My research focuses on the anatomy and evolution of extinct animals, and what this tells us about their life-history and ecology. I’m especially interested in the evolution of mammals, but I also work on other groups including the ancestors of mammals, salamanders, and reptiles including dinosaurs (for more, see Research). I carry out a lot of work on fossils from the Isle of Skye in Scotland. I’ve written two popular science books, and write about science for various printed and online publications (see Writing), and I also write prose and poetry. I’m currently a Research Fellow at the Oxford University Museum of Natural History, and Associate Researcher at National Museums Scotland.
I was born and grew up in the Highlands. I did my undergraduate degree in Environmental Science at the University of the Highlands and Islands, before moving to the University of Bristol to undertake a masters degree in Palaeobiology. I did my PhD at National Museums Scotland and the University of Edinburgh, completing my doctorate in 2019. After that I began post-doctoral research at the University of Oxford. I’m Secretary of the Palaeontographical Society, and a Trustee of the Scottish Geology Trust, taking an active role in helping conserve and promote Scotland’s unique geological heritage.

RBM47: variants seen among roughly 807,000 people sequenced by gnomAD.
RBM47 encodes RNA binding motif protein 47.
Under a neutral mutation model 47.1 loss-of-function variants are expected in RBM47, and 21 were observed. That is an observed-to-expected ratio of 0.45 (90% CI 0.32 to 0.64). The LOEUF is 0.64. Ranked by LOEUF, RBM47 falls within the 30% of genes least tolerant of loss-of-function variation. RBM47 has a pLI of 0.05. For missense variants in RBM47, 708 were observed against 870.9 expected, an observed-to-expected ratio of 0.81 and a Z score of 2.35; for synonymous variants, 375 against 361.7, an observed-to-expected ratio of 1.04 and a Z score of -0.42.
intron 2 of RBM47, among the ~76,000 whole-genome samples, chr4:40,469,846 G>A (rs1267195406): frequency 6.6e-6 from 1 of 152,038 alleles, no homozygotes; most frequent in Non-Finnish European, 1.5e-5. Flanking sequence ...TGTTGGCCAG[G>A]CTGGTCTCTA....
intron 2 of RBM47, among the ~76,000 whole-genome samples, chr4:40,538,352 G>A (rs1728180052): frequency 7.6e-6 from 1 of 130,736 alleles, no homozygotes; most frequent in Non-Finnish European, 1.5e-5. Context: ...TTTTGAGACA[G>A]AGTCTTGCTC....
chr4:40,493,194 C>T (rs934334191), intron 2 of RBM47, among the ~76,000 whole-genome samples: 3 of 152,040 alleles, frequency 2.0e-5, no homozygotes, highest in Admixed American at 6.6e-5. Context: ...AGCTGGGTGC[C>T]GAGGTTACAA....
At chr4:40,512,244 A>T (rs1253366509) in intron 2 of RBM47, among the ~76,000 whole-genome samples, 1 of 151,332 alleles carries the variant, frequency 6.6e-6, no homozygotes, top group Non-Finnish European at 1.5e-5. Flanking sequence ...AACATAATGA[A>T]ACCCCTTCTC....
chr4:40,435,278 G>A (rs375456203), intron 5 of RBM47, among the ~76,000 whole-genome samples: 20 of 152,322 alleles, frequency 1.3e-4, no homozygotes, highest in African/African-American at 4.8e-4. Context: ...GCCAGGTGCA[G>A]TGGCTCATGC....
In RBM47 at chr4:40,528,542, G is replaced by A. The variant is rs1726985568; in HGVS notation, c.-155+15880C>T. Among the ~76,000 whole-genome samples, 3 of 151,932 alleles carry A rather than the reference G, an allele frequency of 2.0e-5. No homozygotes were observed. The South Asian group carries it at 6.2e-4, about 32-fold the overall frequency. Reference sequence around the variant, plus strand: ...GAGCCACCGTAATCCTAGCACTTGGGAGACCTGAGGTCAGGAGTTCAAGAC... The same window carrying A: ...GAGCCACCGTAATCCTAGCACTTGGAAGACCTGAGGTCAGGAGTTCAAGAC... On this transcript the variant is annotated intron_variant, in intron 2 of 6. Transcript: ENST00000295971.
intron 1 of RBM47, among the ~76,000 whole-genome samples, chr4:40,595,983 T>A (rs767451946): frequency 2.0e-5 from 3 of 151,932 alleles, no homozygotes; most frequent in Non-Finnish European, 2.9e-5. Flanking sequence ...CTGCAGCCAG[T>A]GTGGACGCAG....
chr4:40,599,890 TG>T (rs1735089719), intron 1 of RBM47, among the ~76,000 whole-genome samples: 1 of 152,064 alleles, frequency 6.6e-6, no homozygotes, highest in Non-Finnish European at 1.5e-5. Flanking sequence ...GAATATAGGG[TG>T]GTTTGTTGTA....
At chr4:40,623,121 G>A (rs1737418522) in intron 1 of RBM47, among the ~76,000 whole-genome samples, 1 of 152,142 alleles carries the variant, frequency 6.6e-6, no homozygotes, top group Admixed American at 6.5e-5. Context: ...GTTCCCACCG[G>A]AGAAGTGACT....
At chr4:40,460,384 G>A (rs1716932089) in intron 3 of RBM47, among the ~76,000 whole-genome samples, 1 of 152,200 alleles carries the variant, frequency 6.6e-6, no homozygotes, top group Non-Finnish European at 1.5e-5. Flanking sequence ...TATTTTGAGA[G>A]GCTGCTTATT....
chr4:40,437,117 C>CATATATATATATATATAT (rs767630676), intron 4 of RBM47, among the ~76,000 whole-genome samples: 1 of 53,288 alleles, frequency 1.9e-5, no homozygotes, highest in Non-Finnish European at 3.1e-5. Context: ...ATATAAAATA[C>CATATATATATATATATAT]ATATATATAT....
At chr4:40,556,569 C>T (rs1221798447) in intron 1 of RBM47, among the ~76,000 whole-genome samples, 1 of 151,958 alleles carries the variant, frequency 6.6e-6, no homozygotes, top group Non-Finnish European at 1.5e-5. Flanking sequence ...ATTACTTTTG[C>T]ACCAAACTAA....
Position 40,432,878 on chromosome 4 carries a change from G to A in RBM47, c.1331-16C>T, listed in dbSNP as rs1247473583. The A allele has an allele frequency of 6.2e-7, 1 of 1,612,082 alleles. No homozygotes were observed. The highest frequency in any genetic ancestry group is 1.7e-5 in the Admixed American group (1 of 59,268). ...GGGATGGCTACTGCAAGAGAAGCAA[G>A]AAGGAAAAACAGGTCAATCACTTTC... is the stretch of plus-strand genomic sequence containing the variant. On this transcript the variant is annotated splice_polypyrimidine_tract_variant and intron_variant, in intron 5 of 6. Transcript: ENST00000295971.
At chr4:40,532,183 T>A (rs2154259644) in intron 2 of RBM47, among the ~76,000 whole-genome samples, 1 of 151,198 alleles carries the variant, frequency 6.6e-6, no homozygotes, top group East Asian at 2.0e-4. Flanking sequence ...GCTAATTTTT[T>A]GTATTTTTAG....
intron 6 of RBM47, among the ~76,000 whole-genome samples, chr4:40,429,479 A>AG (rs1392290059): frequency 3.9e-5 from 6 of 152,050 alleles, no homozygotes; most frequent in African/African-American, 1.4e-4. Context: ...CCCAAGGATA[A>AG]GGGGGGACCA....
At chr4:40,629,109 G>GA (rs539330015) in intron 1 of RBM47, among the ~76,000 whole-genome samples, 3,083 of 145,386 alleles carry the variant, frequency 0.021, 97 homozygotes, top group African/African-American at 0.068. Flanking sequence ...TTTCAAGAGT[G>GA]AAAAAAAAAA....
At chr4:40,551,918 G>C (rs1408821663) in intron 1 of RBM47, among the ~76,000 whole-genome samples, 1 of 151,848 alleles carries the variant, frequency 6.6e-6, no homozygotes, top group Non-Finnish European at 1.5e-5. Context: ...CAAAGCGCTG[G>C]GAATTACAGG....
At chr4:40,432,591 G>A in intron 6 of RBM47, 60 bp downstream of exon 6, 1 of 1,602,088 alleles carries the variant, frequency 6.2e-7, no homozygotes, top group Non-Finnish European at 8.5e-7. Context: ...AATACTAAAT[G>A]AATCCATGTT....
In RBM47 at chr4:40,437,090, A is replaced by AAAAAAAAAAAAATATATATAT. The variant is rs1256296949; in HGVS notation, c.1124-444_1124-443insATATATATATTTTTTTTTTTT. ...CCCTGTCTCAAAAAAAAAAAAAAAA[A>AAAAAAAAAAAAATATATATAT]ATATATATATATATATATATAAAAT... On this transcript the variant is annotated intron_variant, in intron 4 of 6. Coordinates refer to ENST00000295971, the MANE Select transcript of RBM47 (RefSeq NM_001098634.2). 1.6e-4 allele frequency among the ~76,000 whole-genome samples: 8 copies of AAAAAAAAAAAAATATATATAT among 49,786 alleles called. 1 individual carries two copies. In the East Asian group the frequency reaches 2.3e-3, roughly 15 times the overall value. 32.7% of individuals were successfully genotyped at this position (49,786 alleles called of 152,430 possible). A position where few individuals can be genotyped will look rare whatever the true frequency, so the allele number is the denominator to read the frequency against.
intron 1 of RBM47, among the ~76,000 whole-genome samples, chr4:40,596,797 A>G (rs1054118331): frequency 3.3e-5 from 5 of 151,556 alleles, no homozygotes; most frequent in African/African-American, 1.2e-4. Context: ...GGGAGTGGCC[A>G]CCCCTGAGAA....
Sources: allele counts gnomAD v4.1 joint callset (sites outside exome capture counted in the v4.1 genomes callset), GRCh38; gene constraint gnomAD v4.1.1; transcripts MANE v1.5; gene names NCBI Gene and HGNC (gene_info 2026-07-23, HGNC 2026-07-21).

I’ve been writing prolifically since childhood, but it has been in the last five years that I’ve concentrated on science writing – previously, I mainly wrote fiction, publishing short stories and poetry. I now write for various publications online and in print, including The Guardian, on topics in evolution and palaeontology. See Writing to find out more. My first book, Beasts Before Us, a popular science title on the origin and evolution of mammals, is published by Bloomsbury Sigma.